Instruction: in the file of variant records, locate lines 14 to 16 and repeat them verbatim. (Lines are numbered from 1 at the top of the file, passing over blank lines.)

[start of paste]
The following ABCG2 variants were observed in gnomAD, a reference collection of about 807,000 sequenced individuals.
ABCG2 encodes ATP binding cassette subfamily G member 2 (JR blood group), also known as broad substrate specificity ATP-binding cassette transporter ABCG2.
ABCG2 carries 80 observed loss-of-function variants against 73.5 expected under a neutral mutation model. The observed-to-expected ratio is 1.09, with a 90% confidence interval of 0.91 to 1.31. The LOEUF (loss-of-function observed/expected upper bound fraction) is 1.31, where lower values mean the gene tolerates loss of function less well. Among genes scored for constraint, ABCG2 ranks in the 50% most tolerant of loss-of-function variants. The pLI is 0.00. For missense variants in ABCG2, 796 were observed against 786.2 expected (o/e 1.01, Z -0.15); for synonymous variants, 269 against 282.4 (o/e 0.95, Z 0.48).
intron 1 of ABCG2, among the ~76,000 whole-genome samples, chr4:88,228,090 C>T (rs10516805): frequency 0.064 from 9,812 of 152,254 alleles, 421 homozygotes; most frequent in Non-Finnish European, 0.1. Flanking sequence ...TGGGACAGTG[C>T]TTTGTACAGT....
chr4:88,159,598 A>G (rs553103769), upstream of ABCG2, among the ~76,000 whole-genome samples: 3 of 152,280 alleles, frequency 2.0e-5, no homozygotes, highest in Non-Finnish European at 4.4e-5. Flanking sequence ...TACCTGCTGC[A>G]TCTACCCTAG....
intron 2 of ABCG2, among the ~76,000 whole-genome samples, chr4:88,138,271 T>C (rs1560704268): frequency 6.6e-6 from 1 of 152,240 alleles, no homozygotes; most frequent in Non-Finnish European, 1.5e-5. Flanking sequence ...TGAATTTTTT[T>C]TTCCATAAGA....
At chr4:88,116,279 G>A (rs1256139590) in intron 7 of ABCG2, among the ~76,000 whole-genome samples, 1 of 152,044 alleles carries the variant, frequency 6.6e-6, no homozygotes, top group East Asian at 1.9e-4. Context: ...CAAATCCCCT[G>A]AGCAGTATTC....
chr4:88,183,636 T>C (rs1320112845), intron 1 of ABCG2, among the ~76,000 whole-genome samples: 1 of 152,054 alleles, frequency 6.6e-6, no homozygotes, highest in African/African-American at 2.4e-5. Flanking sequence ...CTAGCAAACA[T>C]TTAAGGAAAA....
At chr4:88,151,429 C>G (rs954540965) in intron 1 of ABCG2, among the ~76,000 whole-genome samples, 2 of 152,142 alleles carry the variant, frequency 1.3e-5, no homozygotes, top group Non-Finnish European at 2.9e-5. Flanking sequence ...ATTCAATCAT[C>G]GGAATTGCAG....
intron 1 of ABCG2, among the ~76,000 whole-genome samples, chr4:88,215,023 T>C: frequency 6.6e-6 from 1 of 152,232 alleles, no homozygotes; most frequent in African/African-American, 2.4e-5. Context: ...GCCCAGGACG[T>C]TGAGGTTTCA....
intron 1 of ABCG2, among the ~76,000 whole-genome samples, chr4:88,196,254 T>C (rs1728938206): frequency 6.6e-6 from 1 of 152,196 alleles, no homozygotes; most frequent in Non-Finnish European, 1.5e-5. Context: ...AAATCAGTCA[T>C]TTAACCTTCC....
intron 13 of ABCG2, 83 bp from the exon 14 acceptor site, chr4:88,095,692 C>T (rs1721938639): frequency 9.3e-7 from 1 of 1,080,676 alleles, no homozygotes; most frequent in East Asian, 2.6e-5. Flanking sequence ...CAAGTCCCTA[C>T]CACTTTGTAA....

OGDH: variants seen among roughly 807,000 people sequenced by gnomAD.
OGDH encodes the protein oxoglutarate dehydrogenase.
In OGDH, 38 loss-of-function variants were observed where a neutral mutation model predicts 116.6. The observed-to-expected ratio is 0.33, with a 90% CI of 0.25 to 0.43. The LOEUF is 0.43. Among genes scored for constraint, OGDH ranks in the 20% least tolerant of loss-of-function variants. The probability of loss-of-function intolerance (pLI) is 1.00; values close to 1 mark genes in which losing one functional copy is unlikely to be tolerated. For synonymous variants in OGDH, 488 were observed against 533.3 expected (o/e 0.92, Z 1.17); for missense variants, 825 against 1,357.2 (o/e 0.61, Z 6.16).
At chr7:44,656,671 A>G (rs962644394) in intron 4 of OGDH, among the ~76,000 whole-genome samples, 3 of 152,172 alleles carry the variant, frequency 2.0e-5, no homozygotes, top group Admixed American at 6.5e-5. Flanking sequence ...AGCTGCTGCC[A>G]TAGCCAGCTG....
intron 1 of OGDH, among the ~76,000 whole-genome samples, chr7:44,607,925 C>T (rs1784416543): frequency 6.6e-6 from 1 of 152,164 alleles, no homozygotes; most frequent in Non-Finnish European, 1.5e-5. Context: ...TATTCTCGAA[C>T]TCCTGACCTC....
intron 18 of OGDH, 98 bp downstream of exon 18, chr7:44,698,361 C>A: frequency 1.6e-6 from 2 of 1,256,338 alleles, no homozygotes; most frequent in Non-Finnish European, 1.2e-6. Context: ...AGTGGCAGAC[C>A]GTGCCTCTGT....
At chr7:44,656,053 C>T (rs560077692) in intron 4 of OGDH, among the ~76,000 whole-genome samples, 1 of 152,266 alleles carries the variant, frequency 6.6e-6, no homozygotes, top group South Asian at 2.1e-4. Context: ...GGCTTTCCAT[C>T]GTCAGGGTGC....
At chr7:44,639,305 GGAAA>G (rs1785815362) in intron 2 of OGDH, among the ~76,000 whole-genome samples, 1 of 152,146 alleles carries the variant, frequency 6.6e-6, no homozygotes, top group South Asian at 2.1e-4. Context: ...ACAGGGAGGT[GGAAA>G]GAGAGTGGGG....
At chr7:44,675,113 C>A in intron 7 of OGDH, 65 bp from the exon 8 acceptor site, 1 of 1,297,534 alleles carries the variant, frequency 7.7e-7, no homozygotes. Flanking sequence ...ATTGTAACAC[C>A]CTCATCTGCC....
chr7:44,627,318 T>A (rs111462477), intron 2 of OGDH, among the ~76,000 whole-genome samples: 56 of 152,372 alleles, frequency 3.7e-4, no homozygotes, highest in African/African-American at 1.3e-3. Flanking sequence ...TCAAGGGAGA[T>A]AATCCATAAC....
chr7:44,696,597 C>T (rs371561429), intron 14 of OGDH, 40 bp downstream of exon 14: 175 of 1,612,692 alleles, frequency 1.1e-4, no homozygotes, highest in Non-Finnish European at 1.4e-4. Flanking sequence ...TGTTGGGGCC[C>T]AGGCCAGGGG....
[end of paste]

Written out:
OGDH encodes the protein oxoglutarate dehydrogenase.
In OGDH, 38 loss-of-function variants were observed where a neutral mutation model predicts 116.6. The observed-to-expected ratio is 0.33, with a 90% CI of 0.25 to 0.43. The LOEUF is 0.43. Among genes scored for constraint, OGDH ranks in the 20% least tolerant of loss-of-function variants. The probability of loss-of-function intolerance (pLI) is 1.00; values close to 1 mark genes in which losing one functional copy is unlikely to be tolerated. For synonymous variants in OGDH, 488 were observed against 533.3 expected (o/e 0.92, Z 1.17); for missense variants, 825 against 1,357.2 (o/e 0.61, Z 6.16).
At chr7:44,656,671 A>G (rs962644394) in intron 4 of OGDH, among the ~76,000 whole-genome samples, 3 of 152,172 alleles carry the variant, frequency 2.0e-5, no homozygotes, top group Admixed American at 6.5e-5. Flanking sequence ...AGCTGCTGCC[A>G]TAGCCAGCTG....